The United States, after all, is running a quarterly current-account deficit - the broadest measure of its balance of trade - of nearly $200 billion, which most economists view as unsustainable.

    Instead, the dollar staged a rebound, driven in part by the widening gap in interest rates between the United States and Europe and Japan. The euro was also weaker because of Europe's anemic economic performance, the deadlocked German elections and the rejection of the European Union's proposed constitution by voters in France and the Netherlands.

    Now, with Europe and Japan reviving and with the Federal Reserve perceived as nearing the end of its tightening cycle, analysts predict that the dollar will resume its downward course against the euro and the yen. They note, too, that the current-account deficit is coming back into focus.

    "Investors will once again take this risk into account," said Michael Schubert, a currency analyst with Commerzbank. "The only thing we know about the current-account deficit is that it can't go on forever."

    Mr. Schubert forecasts that the dollar will trade at $1.28 versus the euro by the end of this year; it is currently $1.185. He said the yen's value would hinge on the actions of the Bank of Japan, while the Chinese would modestly revalue the yuan, having done so once last summer.

    A weaker dollar could help American stocks, Mr. Mayer said, because it would make American exporters more competitive. But with the uncertain prospects for consumer spending, it might be difficult for American markets to match their buoyant performance of recent years.

    Conversely, a rising euro would not be welcome in Europe, which relies heavily on exports. Morgan Stanley expects European stock markets, after a remarkable rally in 2005, to stagnate this year, especially with corporate profits already high and interest rates starting to climb.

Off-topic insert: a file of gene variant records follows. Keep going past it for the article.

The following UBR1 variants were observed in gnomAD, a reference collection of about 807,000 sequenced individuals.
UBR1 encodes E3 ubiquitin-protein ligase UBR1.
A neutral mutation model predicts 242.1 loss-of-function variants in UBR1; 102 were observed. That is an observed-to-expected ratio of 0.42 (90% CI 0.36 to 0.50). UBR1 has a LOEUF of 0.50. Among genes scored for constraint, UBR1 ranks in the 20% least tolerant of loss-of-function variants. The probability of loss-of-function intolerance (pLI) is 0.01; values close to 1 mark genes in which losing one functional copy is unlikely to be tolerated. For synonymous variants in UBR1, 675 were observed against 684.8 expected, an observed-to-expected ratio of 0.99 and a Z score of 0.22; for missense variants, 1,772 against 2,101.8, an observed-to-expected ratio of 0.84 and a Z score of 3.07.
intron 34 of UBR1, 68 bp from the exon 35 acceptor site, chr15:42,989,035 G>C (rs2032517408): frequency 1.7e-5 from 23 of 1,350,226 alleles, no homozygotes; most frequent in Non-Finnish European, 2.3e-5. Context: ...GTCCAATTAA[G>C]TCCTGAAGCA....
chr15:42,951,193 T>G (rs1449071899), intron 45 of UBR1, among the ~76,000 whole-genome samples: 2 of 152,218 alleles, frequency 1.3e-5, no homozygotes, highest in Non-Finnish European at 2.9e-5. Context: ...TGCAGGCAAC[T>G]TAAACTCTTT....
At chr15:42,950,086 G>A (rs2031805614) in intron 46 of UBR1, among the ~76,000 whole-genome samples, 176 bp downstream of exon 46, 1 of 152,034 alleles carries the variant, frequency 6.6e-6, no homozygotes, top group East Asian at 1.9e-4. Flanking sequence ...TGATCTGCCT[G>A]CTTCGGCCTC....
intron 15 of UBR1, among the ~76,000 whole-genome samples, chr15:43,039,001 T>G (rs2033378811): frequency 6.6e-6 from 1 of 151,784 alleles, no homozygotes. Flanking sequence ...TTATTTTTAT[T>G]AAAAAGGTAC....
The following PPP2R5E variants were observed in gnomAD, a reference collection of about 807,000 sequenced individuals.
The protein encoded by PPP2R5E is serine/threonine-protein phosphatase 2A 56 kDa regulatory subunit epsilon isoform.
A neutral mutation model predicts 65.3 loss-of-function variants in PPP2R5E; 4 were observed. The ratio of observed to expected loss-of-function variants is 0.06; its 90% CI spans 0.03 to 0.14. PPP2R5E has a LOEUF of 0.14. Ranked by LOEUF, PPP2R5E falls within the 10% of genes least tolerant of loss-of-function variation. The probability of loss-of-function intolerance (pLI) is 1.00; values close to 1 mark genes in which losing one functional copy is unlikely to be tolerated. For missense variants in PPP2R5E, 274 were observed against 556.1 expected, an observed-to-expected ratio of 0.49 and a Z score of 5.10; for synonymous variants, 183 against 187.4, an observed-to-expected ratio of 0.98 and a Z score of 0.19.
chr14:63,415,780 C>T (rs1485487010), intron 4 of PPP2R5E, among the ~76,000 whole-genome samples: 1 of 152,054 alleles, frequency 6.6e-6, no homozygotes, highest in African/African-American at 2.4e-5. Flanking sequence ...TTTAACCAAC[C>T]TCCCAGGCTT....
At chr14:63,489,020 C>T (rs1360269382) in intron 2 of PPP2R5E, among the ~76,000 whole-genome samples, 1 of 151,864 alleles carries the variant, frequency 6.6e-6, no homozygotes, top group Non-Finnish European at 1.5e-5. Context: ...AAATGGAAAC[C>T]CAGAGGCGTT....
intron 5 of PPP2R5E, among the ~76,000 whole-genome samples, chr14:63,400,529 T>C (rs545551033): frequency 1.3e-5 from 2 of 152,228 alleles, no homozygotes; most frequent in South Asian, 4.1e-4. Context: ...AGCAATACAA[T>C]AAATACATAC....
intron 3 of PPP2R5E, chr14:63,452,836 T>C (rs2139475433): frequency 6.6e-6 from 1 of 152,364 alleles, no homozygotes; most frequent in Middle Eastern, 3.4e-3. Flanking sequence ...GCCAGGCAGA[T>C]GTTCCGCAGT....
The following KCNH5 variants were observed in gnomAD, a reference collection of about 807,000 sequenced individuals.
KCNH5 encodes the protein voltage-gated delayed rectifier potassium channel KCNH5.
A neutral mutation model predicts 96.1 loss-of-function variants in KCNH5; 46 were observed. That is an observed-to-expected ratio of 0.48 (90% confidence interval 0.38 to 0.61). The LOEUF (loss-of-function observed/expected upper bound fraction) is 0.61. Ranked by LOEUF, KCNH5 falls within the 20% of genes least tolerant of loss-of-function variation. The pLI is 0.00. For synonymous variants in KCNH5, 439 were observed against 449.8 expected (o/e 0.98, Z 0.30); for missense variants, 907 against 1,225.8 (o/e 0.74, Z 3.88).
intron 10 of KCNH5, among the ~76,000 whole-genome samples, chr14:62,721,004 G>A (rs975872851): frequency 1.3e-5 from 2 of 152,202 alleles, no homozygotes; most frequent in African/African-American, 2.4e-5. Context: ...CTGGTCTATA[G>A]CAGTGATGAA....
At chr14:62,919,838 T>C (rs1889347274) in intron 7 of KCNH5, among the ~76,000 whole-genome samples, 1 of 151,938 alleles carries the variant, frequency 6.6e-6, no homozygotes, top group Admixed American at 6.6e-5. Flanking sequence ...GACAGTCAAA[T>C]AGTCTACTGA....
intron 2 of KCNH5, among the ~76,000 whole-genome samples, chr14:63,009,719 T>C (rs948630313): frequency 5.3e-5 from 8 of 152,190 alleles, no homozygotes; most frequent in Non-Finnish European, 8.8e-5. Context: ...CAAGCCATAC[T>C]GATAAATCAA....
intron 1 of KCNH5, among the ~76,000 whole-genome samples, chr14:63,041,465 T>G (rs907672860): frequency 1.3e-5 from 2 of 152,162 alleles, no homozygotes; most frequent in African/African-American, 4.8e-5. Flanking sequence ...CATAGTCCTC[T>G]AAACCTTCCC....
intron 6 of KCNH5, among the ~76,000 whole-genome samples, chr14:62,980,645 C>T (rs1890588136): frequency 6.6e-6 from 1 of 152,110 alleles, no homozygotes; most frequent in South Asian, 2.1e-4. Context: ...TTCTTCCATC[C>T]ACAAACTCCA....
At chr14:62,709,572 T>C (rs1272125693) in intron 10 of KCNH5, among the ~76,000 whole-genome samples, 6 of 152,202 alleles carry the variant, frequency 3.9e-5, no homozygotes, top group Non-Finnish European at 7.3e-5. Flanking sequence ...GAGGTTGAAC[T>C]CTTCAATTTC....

Repeating the performance of 2005 will be especially difficult in Germany. The DAX stock index, which includes big names like DaimlerChrysler, Volkswagen and Siemens, rose more than 30 percent - a sprightly pace utterly at odds with the country's sluggish economy.

    Despite the muscular euro, Germany demonstrated in 2005 that it could maintain its title as the world's top exporter of manufactured goods. One factor was China's demand for heavy machinery and other products. But German companies, analysts said, also improved their competitiveness generally by cutting costs and keeping a lid on wage increases.

    "The success of Germany's export sector has been remarkable, and I think it's quite likely to continue," said Michael Heise, the chief economist at Dresdner Bank and Allianz in Frankfurt.

    The question is whether stricter monetary policy will strangle Europe. Despite a few rays of hope, consumer demand in Germany remains weak. Italy has been skirting recession and France is saddled with double-digit unemployment, which some blame for the recent surge of urban unrest there.

    European politicians have vigorously protested the central bank's recent shift in policy, saying that the continent's economies are still too fragile. They say that the bank has also overestimated the threat of inflation, particularly since oil prices have moderated after surging for much of 2005.


  2. #2
    Join Date
    Feb 2005

    Re: Policies (and Money) Tighten in '06

    In fact, tighter monetary policy on three continents could help keep the price of crude oil in check this year.

    "Part of the run-up in oil prices was a reflection that there was a lot of monetary stimulus in the market," Mr. Mayer said. "Taking some of that out of the market could take the air out of oil prices."

    Deutsche Bank forecasts that oil prices will ease after the winter, though the average price per barrel may end up the same this year as last. By the end of 2006, it projects a reduction in prices as demand moderates and OPEC members increase their production capacity.

    With the retirement of Alan Greenspan this month - and the arrival of Ben S. Bernanke as the new Fed chairman - and with the major central banks moving in tandem to tighten credit, 2006 promises to be an eventful year for those who watch these institutions.

    "The Greenspan era has coincided with a period when the global economy has made the job of a central banker easier," said Kenneth S. Rogoff, a professor of economics and public policy at Harvard.

    The curse of high inflation has receded, he said, because the competition from low-cost producers like China has driven down the prices of so many goods. That is why the economic health of China - just like that of the United States - is a matter of concern to everybody.

    "China has made everything run better," Mr. Rogoff said. "If it were to collapse, Ben Bernanke might be in the uncomfortable position of having to set interest rates much higher than he expected."